Bruno RacyRoberto Kerr Cavalcante Bonometti and Frederico Antelo


The agribusiness sector and financing alternatives for the agribusiness chain have been the subject of important changes and improvements in the last year. The conversion of Executive Order No. 897/19 (the Agro MP) into Law No. 13,986/20 brought about various innovations aimed at stimulating access to credit, especially through capital market funding. Among them, the following stand out:

  • the establishment of the Solidarity Guarantee Fund;
  • the creation of collateralized rural assets;
  • the institution of the Rural Real Estate Note (CIR);
  • the expansion of the parties authorized to issue Rural Product Notes (CPR) to include rural producers (whether individuals or legal entities), cooperatives, and associations of producers that act in the production, marketing, and industrialization of rural products, as well as the possibility of indexing the security to exchange rate variation; and
  • the possibility of creating and executing real guarantees on rural properties, including through payment in kind or otherwise.

These advances have had a strong effect on the Agribusiness Receivables Certificate (CRA) market, which has been very heated in the last year. According to Anbima data (Brazilian Association of Financial and Capital Markets Entities), in 2020, 586 issuances were conducted for public distribution of CRA, totaling approximately R$ 95.8 billion. This corresponds to a 31% increase in the volume of issuances and a 21% increase in the number compared to 2019.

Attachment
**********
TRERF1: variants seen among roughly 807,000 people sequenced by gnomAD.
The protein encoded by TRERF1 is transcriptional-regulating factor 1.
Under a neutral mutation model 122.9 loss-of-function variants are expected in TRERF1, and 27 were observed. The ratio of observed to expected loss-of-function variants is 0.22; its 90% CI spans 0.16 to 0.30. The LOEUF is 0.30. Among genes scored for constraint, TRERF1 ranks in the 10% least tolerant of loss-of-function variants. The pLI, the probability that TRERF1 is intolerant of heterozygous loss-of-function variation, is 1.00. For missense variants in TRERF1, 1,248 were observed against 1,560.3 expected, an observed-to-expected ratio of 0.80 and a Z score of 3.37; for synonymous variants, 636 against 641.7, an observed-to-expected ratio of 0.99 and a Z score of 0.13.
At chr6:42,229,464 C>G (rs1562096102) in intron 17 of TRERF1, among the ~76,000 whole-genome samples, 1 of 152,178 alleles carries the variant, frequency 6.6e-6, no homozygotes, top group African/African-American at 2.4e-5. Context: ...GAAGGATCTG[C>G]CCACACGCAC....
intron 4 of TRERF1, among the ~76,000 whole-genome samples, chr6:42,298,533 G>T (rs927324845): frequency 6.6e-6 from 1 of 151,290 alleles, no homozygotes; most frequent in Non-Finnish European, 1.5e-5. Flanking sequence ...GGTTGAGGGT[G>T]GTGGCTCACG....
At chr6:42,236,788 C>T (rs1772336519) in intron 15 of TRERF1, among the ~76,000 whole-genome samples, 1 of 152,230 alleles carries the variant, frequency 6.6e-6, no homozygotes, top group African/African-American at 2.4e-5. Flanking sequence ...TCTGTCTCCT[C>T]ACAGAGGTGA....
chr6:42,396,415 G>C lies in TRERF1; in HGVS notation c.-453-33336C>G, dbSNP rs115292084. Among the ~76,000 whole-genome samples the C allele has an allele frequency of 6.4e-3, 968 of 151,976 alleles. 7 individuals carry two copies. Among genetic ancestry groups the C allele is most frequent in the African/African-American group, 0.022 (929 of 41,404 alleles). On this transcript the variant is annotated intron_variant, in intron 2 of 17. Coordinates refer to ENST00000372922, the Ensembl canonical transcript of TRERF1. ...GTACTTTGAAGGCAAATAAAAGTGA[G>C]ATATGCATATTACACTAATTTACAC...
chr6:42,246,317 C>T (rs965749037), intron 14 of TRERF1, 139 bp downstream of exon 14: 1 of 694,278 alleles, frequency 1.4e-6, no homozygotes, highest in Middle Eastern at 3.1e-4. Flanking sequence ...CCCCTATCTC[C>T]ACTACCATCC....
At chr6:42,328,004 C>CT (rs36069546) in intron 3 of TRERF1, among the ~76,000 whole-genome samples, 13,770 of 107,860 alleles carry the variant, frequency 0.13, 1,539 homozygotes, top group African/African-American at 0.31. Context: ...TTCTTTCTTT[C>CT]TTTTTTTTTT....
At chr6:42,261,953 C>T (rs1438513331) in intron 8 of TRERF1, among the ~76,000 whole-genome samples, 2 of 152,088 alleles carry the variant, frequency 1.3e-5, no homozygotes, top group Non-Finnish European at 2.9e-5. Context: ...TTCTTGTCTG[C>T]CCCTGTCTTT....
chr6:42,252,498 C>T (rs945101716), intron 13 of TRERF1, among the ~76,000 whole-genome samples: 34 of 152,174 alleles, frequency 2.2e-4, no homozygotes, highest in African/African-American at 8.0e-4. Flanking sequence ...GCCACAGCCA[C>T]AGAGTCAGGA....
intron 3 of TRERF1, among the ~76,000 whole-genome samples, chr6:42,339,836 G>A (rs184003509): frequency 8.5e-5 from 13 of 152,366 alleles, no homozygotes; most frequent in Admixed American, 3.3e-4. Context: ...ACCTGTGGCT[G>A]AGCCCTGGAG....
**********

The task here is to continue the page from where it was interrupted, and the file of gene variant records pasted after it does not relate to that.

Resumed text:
CRAs are fixed income securities issued by a securitizer and backed by receivables originating from business between farmers, or their cooperatives, and third parties. These businesses include financing or loans related to the production, marketing, processing, or industrialization of products, agricultural supplies, or machinery and implements used in agricultural production, as provided for in Article 23, paragraph 1 of Law No. 11,076/04.

The diagram below summarizes the structure of a CRA issuance: